Armed with new knowledge and figures on how they work, employees can create plans to improve their productivity, with results they can actually measure.  

For example: an employee notices that it consistently takes them two hours to brainstorm ideas for a customer. With that number in mind, employees can start to reduce their time incrementally by fifteen minutes every week until they reach a target of one hour or less.  

Even better: employees can use their time tracking results as a jumping off point in 1:1s with supervisors.

All of this will show employees that they can benefit from thinking about habits that poise them well for growth in the future. And they’ll be doing that on a higher and higher billable ratio.

Reward Employees Who Track Their Time

Some employees may recognize the benefits of tracking time. But for them, learning new software and the stresses of Big Brother may seem like too much hassle.

Switching over to new systems may even look like a waste of time when you’re striving for efficiency. Some employees may feel that the time they’re spending learning new software could be better spent on billable work.

The best way to motivate your team to overcome their resistance and start tracking their time now is to keep it optional, but offer short-term rewards to employees who give it a shot. Rewarding your employees for giving it a shot can balance and override those rewards’ costs.

Here are some ways to reward your employees: 

  • Profit-sharing, by giving employees a small portion of the profits from the projects they completed.  When you have a higher billable ratio, you’ll see returns specifically from your own work even sooner (stay tuned for an article on how to do this!).
  • Reward employees with $60 when their personal billable ratio reaches 60%.
  • Offer free lunch on Fridays to employees who track their time for a whole week.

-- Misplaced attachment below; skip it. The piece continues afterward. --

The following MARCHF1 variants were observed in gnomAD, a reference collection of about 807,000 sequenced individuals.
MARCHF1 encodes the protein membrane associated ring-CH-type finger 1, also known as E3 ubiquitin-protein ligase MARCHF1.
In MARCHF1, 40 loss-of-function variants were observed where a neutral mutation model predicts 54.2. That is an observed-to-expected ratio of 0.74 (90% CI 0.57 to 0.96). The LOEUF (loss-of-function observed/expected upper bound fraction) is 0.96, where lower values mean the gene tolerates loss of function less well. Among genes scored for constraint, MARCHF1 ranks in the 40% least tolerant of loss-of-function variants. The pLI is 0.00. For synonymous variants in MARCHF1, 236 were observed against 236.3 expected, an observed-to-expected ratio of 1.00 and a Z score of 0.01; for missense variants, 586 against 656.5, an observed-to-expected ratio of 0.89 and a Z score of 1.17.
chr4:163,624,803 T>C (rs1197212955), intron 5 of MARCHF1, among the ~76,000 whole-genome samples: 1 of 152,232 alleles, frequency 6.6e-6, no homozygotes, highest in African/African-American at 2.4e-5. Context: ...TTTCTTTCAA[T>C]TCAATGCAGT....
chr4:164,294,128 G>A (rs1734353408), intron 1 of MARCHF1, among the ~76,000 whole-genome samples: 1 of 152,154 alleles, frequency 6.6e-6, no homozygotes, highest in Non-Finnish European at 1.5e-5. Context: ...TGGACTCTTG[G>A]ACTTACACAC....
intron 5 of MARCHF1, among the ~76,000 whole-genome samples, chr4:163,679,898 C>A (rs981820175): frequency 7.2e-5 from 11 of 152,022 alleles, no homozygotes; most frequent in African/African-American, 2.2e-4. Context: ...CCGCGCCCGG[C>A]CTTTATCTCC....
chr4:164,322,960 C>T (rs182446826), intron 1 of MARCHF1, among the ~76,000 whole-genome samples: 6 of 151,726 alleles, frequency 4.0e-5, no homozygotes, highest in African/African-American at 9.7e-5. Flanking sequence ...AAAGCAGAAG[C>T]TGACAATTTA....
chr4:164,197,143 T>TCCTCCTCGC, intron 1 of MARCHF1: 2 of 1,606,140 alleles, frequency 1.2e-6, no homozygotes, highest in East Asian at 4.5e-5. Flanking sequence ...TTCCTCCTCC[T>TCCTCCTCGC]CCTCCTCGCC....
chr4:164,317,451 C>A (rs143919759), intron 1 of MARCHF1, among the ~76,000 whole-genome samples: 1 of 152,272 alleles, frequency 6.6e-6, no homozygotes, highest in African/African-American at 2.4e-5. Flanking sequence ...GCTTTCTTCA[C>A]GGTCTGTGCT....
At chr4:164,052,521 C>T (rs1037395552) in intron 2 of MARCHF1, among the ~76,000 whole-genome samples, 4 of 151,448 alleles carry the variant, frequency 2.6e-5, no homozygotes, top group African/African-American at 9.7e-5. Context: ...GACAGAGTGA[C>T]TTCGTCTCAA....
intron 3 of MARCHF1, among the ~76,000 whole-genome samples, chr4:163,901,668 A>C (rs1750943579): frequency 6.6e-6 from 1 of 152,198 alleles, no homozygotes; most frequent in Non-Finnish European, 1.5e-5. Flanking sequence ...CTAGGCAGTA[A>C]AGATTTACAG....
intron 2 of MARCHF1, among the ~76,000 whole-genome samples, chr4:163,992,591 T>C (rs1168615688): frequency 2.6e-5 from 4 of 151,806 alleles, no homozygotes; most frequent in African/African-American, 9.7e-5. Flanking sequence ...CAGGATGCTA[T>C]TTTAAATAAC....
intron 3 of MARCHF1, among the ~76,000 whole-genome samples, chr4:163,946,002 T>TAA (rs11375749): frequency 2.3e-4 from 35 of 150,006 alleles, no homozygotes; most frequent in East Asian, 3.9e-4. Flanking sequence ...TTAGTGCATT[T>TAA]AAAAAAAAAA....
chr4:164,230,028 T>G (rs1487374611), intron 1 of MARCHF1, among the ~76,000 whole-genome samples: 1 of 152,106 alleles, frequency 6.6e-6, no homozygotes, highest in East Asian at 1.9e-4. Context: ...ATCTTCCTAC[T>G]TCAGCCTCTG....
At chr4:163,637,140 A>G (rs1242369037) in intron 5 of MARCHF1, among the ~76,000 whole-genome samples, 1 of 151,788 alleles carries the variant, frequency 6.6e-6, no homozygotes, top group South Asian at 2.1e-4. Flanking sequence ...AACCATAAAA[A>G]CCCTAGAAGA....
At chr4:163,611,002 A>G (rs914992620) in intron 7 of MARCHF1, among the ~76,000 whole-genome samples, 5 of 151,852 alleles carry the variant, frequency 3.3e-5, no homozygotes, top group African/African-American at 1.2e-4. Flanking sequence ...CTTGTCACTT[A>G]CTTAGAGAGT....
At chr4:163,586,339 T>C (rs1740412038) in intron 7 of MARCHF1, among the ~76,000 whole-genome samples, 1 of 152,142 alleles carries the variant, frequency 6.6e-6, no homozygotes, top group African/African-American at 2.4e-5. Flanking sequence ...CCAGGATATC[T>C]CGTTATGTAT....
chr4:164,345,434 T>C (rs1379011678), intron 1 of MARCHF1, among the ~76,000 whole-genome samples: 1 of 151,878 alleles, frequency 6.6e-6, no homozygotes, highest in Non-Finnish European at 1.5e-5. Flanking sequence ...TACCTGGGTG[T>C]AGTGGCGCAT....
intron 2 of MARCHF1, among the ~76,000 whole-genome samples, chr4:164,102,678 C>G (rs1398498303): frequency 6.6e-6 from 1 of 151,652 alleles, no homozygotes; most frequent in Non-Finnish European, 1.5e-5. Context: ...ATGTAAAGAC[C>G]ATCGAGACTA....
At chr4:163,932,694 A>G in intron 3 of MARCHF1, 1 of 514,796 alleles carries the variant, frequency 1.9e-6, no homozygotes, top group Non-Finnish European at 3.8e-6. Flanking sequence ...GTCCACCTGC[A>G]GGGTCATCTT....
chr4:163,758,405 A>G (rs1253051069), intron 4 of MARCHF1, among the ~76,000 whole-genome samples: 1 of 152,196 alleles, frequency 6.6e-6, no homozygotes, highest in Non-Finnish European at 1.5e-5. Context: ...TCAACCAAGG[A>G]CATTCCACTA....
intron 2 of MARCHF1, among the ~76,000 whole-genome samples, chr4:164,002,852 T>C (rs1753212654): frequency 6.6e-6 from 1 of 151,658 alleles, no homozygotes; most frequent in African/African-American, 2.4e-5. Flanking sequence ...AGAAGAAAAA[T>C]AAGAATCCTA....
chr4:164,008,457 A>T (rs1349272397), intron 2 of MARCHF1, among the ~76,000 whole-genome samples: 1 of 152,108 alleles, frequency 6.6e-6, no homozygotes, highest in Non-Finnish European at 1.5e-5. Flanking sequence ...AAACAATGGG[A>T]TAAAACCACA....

• Celebrate employees who are consistently productive in public forums, like via a high-five on 15Five or a shout-out in an all-hands meeting.

 How to Motivate Your Team to Track Time | High 5 teamwork GIF

However small your rewards are, finding noticeable ways to recognize those who do try time-tracking will incentivize skeptics to give time-tracking a shot. The more people try it, the more your team will produce billable work.

Increase Output and Employee Engagement

Time tracking stands apart from other strategies for improving workplace productivity. Unlike other tools, time tracking makes employees aware of how they’re working and gives clear metrics they can use to improve and become more efficient.

Managers can motivate their teams to track time by logging their own time, framing it as an opportunity for professional growth and rewarding those who give it a shot.

All of this sets your employees up for success–at your agency with a higher billable ratio, and with better productivity habits that your employees will thank you for. 

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Grainne Forde
Marketing specialist

4 Comments

Andrew

Time Tracking…what I pass on to startups, my teams, and organizations I work with:
1) Human Nature: That which we track we inherently get better at. This is the premise of not only keeping a golf score, but specifics like GIR, putts, fairway placement etc. This way you can reflect on the data leading to your success, not just the anecdotal or vague feel of it. Daily recording is required. Multiple times daily entry is better.